The EAC raises taxes while the US increases pressure to repeal second-hand clothing ban

In downtown Nairobi, George Kimondo runs a shop selling second-hand women’s clothes, or mitumba. Since quitting his job with a security company to start his business eight years ago, George says he now earns as much as four times his previous monthly salary.

He started by hawking clothes in offices and on the streets, before setting up a shop after one year. “Business is good during the holidays and at the end of the month,” he says, when he can generate as much as US$1000 per week.

But George’s success as a businessman might be coming end. In March 2016, the six members of the East African Community – Kenya, Rwanda, Uganda, Tanzania, Burundi and South Sudan – jointly agreed to phase out the importation of second-hand clothes and shoes over three years. In a joint statement issued during a 2016 summit in Arusha, Tanzania, the EAC presidents said the move would help boost local cotton, textile, apparel and leather industries.

Currently, imported second-hand goods are big business throughout Africa.

According to USAID, second-hand clothing generates approximately 355,000 jobs in the EAC and some US$230 million in income (which USAID describes as a conservative estimate).

From second-hand cars to medical equipment and clothes, critics say the continent is a dumping ground for used consumer goods from the Global North and they commend the EAC for taking steps to reverse the current situation.

However, opponents of the ban say it will cut off an important source of inexpensive, good quality clothing from trading blocs such as the United States and the European Union, while hurting workers and business owners, not to mention denying the region millions in tax revenues. Kenya, for example, collected US$54 million in tariffs on 100,000 tons of imported used clothing in 2013, according to Global Recycling.

The phase-out of used clothing, which has already begun, will continue until 2019. It is part of EAC’s Vision 2050, a blueprint on economic and social prosperity, and the EAC’s Industrialisation Policy, both of which aim to enhance a manufacturing sector that currently only contributes 8.7 per cent to the regional gross domestic product to 25 per cent by 2032.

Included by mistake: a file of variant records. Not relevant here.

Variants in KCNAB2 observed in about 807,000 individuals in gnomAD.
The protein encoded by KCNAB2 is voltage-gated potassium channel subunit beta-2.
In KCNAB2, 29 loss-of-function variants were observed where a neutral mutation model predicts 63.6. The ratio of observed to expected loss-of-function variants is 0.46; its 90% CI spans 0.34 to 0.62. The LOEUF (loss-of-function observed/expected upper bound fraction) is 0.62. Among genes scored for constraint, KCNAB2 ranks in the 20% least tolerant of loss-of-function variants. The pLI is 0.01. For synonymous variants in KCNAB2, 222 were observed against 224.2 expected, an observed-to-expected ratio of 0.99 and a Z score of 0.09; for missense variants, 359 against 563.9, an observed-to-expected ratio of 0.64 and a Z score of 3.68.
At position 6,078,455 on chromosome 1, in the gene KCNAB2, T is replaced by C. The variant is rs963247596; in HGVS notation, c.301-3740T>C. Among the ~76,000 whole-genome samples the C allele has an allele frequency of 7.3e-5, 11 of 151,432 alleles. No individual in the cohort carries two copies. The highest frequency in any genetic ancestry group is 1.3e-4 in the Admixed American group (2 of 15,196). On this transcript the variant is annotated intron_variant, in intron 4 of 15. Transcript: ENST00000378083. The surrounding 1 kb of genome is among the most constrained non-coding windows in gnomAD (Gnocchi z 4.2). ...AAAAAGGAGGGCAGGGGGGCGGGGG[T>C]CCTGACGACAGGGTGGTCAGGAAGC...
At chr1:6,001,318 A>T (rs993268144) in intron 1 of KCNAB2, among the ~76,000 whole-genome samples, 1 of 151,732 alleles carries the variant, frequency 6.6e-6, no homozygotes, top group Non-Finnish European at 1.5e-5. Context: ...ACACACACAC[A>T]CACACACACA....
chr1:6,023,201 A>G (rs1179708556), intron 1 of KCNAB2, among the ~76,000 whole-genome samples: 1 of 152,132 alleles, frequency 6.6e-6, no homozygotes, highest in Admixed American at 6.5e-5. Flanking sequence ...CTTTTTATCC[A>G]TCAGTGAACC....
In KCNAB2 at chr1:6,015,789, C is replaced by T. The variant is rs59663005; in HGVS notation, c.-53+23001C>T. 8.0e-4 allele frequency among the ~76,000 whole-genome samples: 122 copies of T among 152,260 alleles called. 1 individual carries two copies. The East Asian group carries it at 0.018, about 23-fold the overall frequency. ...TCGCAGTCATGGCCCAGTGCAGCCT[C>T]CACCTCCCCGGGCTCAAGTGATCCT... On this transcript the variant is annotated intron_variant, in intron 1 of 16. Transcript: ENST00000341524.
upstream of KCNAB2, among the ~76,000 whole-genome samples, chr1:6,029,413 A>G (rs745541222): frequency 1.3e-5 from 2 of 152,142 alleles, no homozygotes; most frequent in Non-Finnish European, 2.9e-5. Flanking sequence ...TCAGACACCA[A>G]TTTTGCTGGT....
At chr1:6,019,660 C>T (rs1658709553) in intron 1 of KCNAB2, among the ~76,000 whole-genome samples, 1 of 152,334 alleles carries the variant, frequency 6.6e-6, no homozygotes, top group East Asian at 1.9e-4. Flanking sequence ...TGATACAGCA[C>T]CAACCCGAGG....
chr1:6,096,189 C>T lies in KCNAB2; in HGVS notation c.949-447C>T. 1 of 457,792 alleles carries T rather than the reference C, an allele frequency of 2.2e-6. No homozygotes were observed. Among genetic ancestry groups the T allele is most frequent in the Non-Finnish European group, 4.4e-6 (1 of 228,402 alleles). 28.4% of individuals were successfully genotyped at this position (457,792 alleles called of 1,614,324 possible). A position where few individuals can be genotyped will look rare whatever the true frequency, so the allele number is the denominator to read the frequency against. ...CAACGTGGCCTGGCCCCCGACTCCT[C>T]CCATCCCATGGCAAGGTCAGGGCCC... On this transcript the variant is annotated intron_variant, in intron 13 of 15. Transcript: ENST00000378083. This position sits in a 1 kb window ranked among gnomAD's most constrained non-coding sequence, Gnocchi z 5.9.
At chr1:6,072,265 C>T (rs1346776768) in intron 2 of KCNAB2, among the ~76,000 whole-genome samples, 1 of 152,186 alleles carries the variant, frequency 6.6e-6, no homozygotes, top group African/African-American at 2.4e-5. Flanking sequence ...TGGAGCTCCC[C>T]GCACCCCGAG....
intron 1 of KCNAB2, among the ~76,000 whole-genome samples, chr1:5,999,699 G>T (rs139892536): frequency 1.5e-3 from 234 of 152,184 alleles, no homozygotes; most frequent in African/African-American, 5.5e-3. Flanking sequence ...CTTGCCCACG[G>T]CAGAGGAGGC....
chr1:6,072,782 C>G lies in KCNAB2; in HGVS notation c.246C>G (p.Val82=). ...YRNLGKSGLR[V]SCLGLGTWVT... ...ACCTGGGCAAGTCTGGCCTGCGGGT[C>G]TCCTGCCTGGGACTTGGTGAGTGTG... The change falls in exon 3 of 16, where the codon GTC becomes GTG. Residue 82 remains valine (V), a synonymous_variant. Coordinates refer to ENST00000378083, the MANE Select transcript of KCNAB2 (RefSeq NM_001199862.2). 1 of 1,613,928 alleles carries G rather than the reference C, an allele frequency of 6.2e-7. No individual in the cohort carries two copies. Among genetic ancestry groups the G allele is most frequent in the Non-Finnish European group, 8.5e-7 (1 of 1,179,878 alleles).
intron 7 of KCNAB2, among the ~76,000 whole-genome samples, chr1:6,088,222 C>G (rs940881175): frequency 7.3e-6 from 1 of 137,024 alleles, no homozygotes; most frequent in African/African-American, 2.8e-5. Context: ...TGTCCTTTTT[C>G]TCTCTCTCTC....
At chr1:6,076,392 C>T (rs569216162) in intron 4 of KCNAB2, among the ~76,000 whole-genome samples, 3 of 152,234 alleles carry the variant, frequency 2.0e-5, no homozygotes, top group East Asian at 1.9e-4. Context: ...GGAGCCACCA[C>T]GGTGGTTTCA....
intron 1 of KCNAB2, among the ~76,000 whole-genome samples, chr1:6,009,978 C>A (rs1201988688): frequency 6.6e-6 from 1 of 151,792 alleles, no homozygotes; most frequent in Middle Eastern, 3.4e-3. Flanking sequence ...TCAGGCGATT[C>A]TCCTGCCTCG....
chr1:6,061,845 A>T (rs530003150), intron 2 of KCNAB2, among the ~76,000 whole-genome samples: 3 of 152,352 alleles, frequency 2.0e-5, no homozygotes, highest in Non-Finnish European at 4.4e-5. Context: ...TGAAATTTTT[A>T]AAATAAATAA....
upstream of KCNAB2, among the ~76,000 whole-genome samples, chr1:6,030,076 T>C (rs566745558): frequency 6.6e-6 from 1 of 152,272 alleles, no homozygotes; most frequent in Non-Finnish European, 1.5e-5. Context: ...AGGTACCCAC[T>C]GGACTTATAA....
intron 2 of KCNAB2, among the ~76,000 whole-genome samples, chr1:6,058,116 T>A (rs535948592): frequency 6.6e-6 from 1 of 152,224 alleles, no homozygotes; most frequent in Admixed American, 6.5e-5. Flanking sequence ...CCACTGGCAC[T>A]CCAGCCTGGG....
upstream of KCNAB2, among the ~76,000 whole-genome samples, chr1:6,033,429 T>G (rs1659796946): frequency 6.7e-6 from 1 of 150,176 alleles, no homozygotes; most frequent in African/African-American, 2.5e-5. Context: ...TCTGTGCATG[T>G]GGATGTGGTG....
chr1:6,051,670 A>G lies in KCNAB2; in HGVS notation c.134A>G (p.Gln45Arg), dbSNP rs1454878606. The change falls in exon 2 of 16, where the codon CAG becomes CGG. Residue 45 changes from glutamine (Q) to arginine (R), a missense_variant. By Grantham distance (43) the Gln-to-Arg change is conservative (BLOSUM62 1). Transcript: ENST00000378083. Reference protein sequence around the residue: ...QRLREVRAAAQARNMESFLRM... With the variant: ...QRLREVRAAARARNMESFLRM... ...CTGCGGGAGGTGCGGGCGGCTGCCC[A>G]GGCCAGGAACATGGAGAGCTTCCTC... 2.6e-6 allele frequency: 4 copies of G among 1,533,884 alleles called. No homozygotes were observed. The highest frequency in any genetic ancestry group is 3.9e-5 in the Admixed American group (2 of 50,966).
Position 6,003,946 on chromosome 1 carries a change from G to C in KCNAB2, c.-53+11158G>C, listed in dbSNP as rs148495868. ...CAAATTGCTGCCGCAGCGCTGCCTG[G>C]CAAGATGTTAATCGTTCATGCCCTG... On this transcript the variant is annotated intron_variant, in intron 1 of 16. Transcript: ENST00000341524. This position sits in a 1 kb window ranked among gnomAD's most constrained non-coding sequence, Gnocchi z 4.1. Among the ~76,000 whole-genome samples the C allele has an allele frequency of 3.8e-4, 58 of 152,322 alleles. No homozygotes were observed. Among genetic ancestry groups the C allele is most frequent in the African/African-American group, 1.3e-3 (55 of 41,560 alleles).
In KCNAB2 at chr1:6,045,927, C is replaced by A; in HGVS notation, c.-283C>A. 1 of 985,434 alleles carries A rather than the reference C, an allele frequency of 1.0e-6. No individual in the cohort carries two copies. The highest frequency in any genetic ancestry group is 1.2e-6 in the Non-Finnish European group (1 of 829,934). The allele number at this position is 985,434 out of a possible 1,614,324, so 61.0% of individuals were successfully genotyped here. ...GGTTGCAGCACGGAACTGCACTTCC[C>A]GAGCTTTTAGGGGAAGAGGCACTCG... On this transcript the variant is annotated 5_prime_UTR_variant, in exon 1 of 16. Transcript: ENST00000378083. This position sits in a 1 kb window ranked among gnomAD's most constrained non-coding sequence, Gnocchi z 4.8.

“Making the choice is simple, we might suffer consequences”

Already Uganda, Rwanda and Tanzania have raised taxes for used clothes while offering incentives to manufacturers to invest in local textile sectors.

Tanzania has doubled levies on the importation of used clothing from US $0.20 to US $0.40 per kilogramme (kg), in addition to announcing plans to train 2,000 young people in tailoring every year.

Uganda, meanwhile, has increased the environmental levy imposed on used clothes from 15 per cent to 20 per cent of the cost and freight insurance value.

Rwanda has probably made the biggest commitment to stop importing used clothes by increasing the tax on used clothes from US$0.20 per kg to US$4 this financial year. That levy is set to increase to US$5 per kg.

The United States has responded strongly to the EAC ban, threatening to remove Kenya, Uganda, Rwanda and Tanzania from the African Growth and Opportunity Act (AGOA) which offers preferential trade tariffs to participating countries in sub-Saharan Africa [editor’s note: Burundi and South Sudan are already no longer part of the deal].

The US Secondary Materials and Recycled Textiles Association, which initiated a petition to review the agreement with these four countries, said the move to curb used clothing imports would act as a barrier to US trade, which goes against the terms of AGOA.

As a result of US pressure, Kenya – which, according to TradeMark East Africa “would have far more to lose from suspension of its duty-free textile export privileges under AGOA than would any of the other EAC countries” – decided to repeal its plan to introduce a US$0.40-per-kg duty on second-hand clothes in June 2017. TradeMark East Africa says that “Kenya sold US$394 million worth of textiles and clothing on the US market last year, compared to the total US$43 million sum of AGOA trade for Rwanda, Tanzania and Uganda” and this likely accounts for Kenya’s unwillingness to exit the trade agreement.